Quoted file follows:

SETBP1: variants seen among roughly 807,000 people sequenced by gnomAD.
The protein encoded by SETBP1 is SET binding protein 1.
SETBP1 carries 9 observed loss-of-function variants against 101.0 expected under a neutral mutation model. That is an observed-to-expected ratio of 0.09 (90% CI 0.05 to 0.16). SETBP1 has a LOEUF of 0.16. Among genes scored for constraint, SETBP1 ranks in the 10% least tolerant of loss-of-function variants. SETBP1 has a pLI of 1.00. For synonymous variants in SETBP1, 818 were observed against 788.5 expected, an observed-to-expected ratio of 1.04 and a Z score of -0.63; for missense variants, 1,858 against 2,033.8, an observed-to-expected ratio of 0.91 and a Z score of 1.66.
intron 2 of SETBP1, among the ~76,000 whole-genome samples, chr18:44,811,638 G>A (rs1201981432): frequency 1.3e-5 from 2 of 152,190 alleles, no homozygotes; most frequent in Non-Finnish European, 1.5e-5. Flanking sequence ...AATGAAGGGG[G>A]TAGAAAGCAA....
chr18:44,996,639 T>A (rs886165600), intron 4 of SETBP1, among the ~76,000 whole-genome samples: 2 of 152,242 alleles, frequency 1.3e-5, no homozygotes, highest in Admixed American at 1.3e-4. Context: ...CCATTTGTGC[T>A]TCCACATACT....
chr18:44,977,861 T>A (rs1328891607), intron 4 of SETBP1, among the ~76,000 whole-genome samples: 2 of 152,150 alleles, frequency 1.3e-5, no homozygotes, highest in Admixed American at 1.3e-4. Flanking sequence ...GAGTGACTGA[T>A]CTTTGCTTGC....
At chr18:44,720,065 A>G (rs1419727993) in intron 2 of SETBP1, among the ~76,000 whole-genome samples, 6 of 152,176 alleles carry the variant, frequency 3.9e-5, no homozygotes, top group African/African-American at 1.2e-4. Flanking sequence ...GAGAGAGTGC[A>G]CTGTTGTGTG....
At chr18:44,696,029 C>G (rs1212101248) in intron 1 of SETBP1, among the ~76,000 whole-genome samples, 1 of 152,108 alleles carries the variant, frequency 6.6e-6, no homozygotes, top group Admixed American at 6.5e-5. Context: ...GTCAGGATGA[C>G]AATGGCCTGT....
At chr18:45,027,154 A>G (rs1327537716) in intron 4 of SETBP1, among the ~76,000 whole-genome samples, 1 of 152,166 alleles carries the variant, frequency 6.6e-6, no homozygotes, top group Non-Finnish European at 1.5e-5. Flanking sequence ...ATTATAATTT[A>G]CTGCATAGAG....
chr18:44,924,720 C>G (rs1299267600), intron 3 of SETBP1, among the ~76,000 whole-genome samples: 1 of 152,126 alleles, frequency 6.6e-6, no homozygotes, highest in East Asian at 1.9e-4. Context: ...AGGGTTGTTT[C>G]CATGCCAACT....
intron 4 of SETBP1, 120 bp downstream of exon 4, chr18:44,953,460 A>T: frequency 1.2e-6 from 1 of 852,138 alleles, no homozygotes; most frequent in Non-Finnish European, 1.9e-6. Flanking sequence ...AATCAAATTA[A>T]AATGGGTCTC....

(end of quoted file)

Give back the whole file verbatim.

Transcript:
SETBP1: variants seen among roughly 807,000 people sequenced by gnomAD.
The protein encoded by SETBP1 is SET binding protein 1.
SETBP1 carries 9 observed loss-of-function variants against 101.0 expected under a neutral mutation model. That is an observed-to-expected ratio of 0.09 (90% CI 0.05 to 0.16). SETBP1 has a LOEUF of 0.16. Among genes scored for constraint, SETBP1 ranks in the 10% least tolerant of loss-of-function variants. SETBP1 has a pLI of 1.00. For synonymous variants in SETBP1, 818 were observed against 788.5 expected, an observed-to-expected ratio of 1.04 and a Z score of -0.63; for missense variants, 1,858 against 2,033.8, an observed-to-expected ratio of 0.91 and a Z score of 1.66.
intron 2 of SETBP1, among the ~76,000 whole-genome samples, chr18:44,811,638 G>A (rs1201981432): frequency 1.3e-5 from 2 of 152,190 alleles, no homozygotes; most frequent in Non-Finnish European, 1.5e-5. Flanking sequence ...AATGAAGGGG[G>A]TAGAAAGCAA....
chr18:44,996,639 T>A (rs886165600), intron 4 of SETBP1, among the ~76,000 whole-genome samples: 2 of 152,242 alleles, frequency 1.3e-5, no homozygotes, highest in Admixed American at 1.3e-4. Context: ...CCATTTGTGC[T>A]TCCACATACT....
chr18:44,977,861 T>A (rs1328891607), intron 4 of SETBP1, among the ~76,000 whole-genome samples: 2 of 152,150 alleles, frequency 1.3e-5, no homozygotes, highest in Admixed American at 1.3e-4. Flanking sequence ...GAGTGACTGA[T>A]CTTTGCTTGC....
At chr18:44,720,065 A>G (rs1419727993) in intron 2 of SETBP1, among the ~76,000 whole-genome samples, 6 of 152,176 alleles carry the variant, frequency 3.9e-5, no homozygotes, top group African/African-American at 1.2e-4. Flanking sequence ...GAGAGAGTGC[A>G]CTGTTGTGTG....
At chr18:44,696,029 C>G (rs1212101248) in intron 1 of SETBP1, among the ~76,000 whole-genome samples, 1 of 152,108 alleles carries the variant, frequency 6.6e-6, no homozygotes, top group Admixed American at 6.5e-5. Context: ...GTCAGGATGA[C>G]AATGGCCTGT....
At chr18:45,027,154 A>G (rs1327537716) in intron 4 of SETBP1, among the ~76,000 whole-genome samples, 1 of 152,166 alleles carries the variant, frequency 6.6e-6, no homozygotes, top group Non-Finnish European at 1.5e-5. Flanking sequence ...ATTATAATTT[A>G]CTGCATAGAG....
chr18:44,924,720 C>G (rs1299267600), intron 3 of SETBP1, among the ~76,000 whole-genome samples: 1 of 152,126 alleles, frequency 6.6e-6, no homozygotes, highest in East Asian at 1.9e-4. Context: ...AGGGTTGTTT[C>G]CATGCCAACT....
intron 4 of SETBP1, 120 bp downstream of exon 4, chr18:44,953,460 A>T: frequency 1.2e-6 from 1 of 852,138 alleles, no homozygotes; most frequent in Non-Finnish European, 1.9e-6. Flanking sequence ...AATCAAATTA[A>T]AATGGGTCTC....